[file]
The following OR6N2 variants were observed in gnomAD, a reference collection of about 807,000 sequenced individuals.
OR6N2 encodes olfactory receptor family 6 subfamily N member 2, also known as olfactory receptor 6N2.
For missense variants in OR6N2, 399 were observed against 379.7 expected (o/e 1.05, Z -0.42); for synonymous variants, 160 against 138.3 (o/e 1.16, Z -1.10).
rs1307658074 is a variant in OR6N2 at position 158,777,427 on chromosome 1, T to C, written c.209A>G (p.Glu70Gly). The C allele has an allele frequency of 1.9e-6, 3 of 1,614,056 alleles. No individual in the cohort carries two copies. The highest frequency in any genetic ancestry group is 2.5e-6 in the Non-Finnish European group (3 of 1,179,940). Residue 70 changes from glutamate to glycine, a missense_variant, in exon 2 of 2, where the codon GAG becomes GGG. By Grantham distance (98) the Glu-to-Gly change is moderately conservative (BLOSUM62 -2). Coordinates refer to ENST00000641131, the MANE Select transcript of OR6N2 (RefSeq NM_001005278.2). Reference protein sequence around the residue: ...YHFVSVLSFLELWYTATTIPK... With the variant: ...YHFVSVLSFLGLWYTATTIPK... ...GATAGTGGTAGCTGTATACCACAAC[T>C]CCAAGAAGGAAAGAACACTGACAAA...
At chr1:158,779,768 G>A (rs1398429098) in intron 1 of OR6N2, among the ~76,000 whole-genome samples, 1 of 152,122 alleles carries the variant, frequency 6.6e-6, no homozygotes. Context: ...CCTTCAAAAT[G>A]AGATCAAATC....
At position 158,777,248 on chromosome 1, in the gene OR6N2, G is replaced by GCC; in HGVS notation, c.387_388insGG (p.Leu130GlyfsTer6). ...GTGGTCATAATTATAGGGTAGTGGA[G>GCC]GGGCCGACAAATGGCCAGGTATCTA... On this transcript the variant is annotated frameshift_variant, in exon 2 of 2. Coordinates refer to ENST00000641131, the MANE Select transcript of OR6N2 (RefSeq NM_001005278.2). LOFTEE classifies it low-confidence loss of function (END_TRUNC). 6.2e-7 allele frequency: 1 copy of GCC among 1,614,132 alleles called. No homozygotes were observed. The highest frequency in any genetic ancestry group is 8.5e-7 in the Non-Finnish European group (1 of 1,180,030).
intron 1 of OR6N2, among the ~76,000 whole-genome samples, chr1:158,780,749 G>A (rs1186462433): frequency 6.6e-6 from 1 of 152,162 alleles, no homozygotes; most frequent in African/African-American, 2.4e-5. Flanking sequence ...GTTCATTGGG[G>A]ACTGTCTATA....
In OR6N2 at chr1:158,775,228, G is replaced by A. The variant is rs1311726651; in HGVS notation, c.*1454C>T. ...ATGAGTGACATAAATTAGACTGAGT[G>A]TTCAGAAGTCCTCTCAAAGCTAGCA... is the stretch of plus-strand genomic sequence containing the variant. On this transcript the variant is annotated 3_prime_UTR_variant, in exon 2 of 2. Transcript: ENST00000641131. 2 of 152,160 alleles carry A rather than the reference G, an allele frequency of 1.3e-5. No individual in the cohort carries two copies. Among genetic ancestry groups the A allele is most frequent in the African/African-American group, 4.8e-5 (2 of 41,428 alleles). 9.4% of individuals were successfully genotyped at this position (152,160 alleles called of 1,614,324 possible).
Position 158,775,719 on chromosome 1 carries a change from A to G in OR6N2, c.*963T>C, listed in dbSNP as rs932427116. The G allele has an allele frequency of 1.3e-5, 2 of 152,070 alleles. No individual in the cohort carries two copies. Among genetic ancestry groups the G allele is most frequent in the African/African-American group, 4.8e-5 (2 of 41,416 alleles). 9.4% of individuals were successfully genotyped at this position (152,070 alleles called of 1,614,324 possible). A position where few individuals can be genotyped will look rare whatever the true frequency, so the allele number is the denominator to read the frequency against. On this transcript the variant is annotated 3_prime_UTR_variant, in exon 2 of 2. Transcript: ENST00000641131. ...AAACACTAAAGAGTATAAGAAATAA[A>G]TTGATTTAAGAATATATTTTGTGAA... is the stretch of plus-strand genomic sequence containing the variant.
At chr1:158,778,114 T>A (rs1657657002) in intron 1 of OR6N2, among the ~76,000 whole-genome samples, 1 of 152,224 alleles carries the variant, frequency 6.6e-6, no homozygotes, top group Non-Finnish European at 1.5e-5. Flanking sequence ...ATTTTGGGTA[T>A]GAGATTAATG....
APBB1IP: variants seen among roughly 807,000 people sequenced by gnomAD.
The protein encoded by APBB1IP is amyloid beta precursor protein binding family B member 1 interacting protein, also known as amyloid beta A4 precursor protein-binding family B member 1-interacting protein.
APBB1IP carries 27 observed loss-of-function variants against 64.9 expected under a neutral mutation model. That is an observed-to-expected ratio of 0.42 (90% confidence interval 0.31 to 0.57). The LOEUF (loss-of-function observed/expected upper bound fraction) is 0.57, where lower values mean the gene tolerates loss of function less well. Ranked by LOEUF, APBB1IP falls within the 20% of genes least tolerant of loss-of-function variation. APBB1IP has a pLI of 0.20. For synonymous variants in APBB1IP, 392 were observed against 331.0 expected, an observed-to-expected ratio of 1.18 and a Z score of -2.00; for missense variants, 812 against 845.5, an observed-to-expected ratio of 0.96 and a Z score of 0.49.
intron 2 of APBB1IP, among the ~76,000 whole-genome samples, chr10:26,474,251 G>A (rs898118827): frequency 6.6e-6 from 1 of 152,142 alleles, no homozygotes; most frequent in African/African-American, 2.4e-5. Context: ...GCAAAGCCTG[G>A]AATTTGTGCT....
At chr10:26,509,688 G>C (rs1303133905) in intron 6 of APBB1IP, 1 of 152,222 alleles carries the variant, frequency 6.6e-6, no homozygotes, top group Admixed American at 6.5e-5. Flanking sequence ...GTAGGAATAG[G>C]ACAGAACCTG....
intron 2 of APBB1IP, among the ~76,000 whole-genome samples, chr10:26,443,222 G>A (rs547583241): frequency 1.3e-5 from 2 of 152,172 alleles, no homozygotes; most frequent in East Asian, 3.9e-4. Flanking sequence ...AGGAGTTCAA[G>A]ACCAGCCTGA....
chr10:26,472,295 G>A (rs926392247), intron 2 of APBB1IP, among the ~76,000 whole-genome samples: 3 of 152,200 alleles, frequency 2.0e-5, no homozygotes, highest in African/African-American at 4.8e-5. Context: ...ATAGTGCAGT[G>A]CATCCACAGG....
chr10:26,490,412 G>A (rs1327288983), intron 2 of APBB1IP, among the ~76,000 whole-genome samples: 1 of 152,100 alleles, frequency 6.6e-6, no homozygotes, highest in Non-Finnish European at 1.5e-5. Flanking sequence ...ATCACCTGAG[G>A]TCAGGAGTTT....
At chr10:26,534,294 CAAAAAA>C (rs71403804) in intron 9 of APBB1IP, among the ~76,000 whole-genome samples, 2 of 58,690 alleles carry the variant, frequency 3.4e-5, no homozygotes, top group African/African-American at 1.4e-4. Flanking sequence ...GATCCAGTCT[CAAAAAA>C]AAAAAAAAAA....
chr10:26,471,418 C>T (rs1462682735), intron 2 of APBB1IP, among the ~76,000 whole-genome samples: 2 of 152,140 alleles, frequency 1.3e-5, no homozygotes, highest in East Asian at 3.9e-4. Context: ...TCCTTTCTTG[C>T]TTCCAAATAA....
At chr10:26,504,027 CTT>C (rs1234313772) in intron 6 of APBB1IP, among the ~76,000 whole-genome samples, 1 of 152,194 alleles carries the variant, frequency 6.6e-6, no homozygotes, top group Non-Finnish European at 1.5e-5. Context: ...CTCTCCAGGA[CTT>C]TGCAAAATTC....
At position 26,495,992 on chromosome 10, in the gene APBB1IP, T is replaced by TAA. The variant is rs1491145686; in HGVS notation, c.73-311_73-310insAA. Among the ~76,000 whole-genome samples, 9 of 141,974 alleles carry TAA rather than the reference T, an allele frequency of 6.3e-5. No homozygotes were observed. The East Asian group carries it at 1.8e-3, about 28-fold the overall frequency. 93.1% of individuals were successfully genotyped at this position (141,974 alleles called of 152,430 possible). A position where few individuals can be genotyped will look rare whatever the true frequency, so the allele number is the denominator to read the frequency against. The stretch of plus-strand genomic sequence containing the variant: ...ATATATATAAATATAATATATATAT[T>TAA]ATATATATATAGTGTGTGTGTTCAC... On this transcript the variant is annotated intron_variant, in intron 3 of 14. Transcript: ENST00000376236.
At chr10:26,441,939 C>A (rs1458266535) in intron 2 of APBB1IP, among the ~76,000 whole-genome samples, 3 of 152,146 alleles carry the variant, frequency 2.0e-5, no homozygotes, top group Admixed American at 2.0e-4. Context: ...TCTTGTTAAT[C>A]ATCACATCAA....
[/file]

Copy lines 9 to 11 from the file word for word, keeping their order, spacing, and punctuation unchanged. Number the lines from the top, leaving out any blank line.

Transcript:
Position 158,775,719 on chromosome 1 carries a change from A to G in OR6N2, c.*963T>C, listed in dbSNP as rs932427116. The G allele has an allele frequency of 1.3e-5, 2 of 152,070 alleles. No individual in the cohort carries two copies. Among genetic ancestry groups the G allele is most frequent in the African/African-American group, 4.8e-5 (2 of 41,416 alleles). 9.4% of individuals were successfully genotyped at this position (152,070 alleles called of 1,614,324 possible). A position where few individuals can be genotyped will look rare whatever the true frequency, so the allele number is the denominator to read the frequency against. On this transcript the variant is annotated 3_prime_UTR_variant, in exon 2 of 2. Transcript: ENST00000641131. ...AAACACTAAAGAGTATAAGAAATAA[A>G]TTGATTTAAGAATATATTTTGTGAA... is the stretch of plus-strand genomic sequence containing the variant.
At chr1:158,778,114 T>A (rs1657657002) in intron 1 of OR6N2, among the ~76,000 whole-genome samples, 1 of 152,224 alleles carries the variant, frequency 6.6e-6, no homozygotes, top group Non-Finnish European at 1.5e-5. Flanking sequence ...ATTTTGGGTA[T>A]GAGATTAATG....
APBB1IP: variants seen among roughly 807,000 people sequenced by gnomAD.